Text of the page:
The Art of Gift Wrapping



I don’t expect that you’ve finished your Christmas shopping.  In fact, I don’t even expect that you’ve started your Christmas shopping.  But in a gesture of motivation/inspiration, let me help you envision the finish line of the gift-giving race: wrapping presents.

Some people have dedicated crafting space complete with drawers of ribbon and glitter.  You know the type—they’re usually forced to wrap their own gifts because their skills are unparalleled.  (How rude!)  But we don’t all have to be Martha.  Even with limited materials and space, you can still enjoy putting the finishing touches on a thoughtful gift.  To help you along the way, here are a few practical (and maybe obvious) tips for a neat presentation.

gift wrap suppliesGift wrap


1. Clear a table or desk for the task at hand.  I know.  Duh!   But you really want to be sure you have an even surface and plenty of space to get ‘er done.

2. Gather your materials in a clear or shallow bin.  Wrapping paper, scissors, bows, gift tags—place it all within arms reach to avoid repeating steps because you have to go into the other room in search of tape.

3. Don’t use too much paper.  Before you trim the paper, make sure it wraps around the entire item and the edges overlap about two inches.  The ends should come down a little more than halfway.

4. After cutting paper, fold under about one centimeter for a more polished edge.  When it comes to the ends, bring the sides in towards the center first.  Then create a triangle from the top and bottom ends.  (This is when the use of just enough paper proves crucial.)   Fold the ends under before taping down, as well.

5. Use double-sided tape.  It makes everything look SO much neater.

is it a t-rex? 

Solutions for tricky items:

The oddly shaped gift

When you’re wrapping a lump of coal or a tennis racquet, you don’t want the recipient to know what’s coming.  To preserve the element of surprise and make your life easier, consider placing the item on a square piece of cardboard and securing it with string before wrapping.  This will disguise the silhouette of the item and make wrapping that much easier. (It will also bring you back to the days of busting out your Barbie doll from her prison of a box.)  As an alternative, you can place the gift in a box before wrapping or skip the paper altogether and use a gift bag, instead.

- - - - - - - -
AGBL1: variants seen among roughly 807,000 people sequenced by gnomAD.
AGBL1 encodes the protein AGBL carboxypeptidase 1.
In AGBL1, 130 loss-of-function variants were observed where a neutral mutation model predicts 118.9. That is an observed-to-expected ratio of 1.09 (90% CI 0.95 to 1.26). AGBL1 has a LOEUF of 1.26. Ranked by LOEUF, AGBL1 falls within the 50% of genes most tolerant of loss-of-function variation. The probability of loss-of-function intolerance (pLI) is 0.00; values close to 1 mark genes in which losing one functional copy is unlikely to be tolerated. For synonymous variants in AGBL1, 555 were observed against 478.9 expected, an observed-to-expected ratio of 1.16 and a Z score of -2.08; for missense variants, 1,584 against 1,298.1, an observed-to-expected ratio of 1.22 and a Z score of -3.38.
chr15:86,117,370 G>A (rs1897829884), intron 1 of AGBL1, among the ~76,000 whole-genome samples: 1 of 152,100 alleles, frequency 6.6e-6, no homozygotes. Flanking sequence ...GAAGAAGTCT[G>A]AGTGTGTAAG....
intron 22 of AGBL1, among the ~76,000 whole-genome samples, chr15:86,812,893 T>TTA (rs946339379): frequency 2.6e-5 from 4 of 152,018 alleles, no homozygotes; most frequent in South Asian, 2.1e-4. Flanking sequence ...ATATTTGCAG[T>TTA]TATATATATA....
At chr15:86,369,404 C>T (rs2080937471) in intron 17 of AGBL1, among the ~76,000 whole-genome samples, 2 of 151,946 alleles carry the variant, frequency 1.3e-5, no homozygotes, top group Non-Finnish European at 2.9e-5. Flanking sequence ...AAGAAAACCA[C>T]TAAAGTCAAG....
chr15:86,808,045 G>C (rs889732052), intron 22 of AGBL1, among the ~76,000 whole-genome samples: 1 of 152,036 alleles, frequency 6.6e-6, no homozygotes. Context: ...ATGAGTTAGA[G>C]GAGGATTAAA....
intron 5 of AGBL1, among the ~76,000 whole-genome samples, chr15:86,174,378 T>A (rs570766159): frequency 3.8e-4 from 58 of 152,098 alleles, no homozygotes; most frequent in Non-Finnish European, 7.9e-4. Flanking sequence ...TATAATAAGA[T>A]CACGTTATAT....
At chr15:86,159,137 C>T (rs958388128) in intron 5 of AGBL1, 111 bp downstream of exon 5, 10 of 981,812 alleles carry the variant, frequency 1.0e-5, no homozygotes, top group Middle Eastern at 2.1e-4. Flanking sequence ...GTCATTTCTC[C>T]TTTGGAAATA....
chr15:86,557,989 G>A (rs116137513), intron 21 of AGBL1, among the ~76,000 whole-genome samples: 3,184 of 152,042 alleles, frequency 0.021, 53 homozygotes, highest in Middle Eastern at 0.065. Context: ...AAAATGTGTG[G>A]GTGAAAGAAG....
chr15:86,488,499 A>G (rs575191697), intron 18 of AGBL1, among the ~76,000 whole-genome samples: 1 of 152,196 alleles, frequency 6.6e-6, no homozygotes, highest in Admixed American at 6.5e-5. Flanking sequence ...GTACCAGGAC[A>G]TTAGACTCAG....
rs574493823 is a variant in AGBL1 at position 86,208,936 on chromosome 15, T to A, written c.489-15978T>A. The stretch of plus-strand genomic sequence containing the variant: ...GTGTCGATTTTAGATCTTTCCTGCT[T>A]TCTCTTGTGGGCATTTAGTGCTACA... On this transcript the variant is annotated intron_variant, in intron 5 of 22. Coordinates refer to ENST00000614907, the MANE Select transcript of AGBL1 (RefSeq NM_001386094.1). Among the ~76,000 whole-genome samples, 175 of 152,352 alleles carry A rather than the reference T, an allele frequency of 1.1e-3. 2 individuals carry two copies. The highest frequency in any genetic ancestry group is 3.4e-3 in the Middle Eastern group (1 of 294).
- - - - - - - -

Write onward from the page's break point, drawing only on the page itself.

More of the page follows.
The gigantic gift

Not to perpetuate clichés, but you bought Dad a huge flat screen T.V. and there isn’t a roll large enough to cover the darn thing.  Besides putting a bow on it and calling it a day, there are a few tricks to getting his gift ready for the big reveal.  Consider using a large sheet of fabric as your wrapping material.  If that isn’t your style, use panels of coordinating paper to create a stripe or lattice motif.  If you employ this technique the use of various strips will become intentional and you’ll avoid the haphazard look of multiple sheet of paper.  If the item allows, you might wrap it length-wise first and use a strip of paper on either end.  Make sure to fold the edges and use your double-sided tape to produce a more polished finish.

The gift card

I always think it’s nice to pair this kind of gift with something related.  For example, if you buy your niece an iTunes gift card, pair it with inexpensive headphones.  Wrap each in coordinating paper and bundle them with ribbon.


Gifts image courtesy of ParkersPrints via Flickr

Supplies image courtesy of HeartHandmadeUK via Flickr

String and scissor image courtesy of Leslie R Adams via Flickr


And now for images to get you thinking about your design approach to this year’s wrapping.


nature wrap giftpom poms

peace paper"it's in the mail" gifts










pink giftpin up paper

space age papermerry and bright gift

Images all via Flickr courtesy of:


















Wendy Cortez

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